“I will run away with him before I marry one of your arrangements,” I heard myself roar, refusing to be moved like a pawn on some board for my family’s selfish whims. My dad held my hand, his nails digging into my skin enough to draw blood.
“You will do what we tell you to do,” he barked before letting go.
My parents knew I was willful but even I did not anticipate what they did next. My boyfriend was uplifted from his lowly mechanic shop in the ghetto and given an apprenticeship in the dealership of one of my dad’s friends. A year later he was the managing director of the company and the year after that, we were in church saying our wedding vows before the eyes of God and men.
And then he became a fool.
I was born a poor boy in a family of eleven children but that is not my superpower. My superpower is knowing my place. The world lies to all of us, it makes us believe that ambition is a beautiful thing when really, it’s dangerous. I have read enough books to fear ambition. Starting from The Great Gatsby, many foolish men see their ruin in its hands.
You see, before Andrea, I didn’t have any illusions of grandeur. I didn’t want to be rich, neither did I want status and I believed it made me happier. I played my role humbly as a lowly mechanic. Diligently waking up in the morning and taking a cold bath from my faded, blue basin. Having my sugarless tea with yams before heading to my shop.
I would have married a Class 8 drop out—Form 4, if I got lucky—and we would have had six or eleven children and I would have worked day and night in my mechanic shop to provide for them, oblivious of ambition or any shiny thing that would make me take a misstep from my place. That was before Andrea showed up in her Mercedes and kept showing up even when it did not have an issue.
At first, I thought people would jump from the nearby bushes with cameras to tell me that it was a prank and I was on some live TV show but that never happened and she kept coming around. Eating ugali and sukuma wiki with me at my favorite kibanda, staying a minute longer in my shop, dusting and arranging my tools, and helping manage my cash flows. God knows it wasn’t much but she came up with a system of helping me track my debtors and creditors.
I was dizzy the first time she took me to one of her family events. I marveled at the opulence with my mouth wide open. It lit a flame in my imagination and for the first time, I realized life could offer me a whole lot more than I had settled for. I didn’t even mind when her sister came around and with a face drenched in mockery said, “I see you have settled for one of our servants. What is he, a janitor?”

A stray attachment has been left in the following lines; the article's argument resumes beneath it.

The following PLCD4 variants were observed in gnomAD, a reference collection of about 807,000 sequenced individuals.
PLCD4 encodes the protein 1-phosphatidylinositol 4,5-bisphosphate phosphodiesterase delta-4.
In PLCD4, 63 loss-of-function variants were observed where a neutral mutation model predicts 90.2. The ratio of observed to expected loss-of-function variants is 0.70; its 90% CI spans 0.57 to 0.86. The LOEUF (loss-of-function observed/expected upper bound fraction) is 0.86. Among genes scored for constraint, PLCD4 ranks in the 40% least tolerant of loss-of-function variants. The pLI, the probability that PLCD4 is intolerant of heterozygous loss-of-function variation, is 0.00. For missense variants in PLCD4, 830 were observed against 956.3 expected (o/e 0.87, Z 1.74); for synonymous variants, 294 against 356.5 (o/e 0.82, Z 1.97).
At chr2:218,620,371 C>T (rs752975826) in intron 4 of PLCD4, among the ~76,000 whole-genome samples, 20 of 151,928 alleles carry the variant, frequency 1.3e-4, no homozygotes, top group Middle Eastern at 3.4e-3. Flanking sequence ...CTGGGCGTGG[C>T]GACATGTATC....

After a few events and a couple of dates in expensive hotels, I got spoilt. My sugarless tea and my yams started tasting horrible. I could no longer stand the cold showers and the deafening noise in my shop gave me migraines. It was a breath of fresh air when her dad came to my shop with an offer that felt like a dream. “You must worship a living God because your life is about to change, son,” he said with a poker face, and excitement coloured my face. I was not going to only taste ambition but eat it with a big spoon. It felt incredible.
Things were rosy a year or so after our wedding. It didn’t start immediately or overwhelmingly. It started with crumbs here and there. You pick up a lot of things sitting in an exclusive pub after a game of golf. I learnt, for example, that I did not have to get home in time for supper, that I could get there whenever I wanted and hot food would still be waiting for me. I started by wetting my toes. One late night every week. Before it became two, three, then seven.
I also picked up whiskey and I realized that I enjoyed it better when she served it to me silently without buzzing in my ear about couple’s therapy, so I began raising my voice at her whenever she did, as if she were partially deaf and she could only hear me when my voice was ten octaves higher.
My humble mechanic days thinned into the background and my courage became obese. I rented an apartment for a mistress and on some months, I never showed up for entire weeks at a time. She confronted me, of course, many times. I think I said something offhand, something I had picked up in the pub. “Don’t question me unless you wear the trousers in this house.”
The night she poisoned my whiskey I did not hear much beside shuffling feet and fading voices.
“Mom, I think I killed him.”
“I thought you loved him?”
“I did, before he became a fool.”
“Honey, you can put a monkey in a suit but you can’t buy it class.”
Were the final words I heard before the lights went off and darkness engulfed me.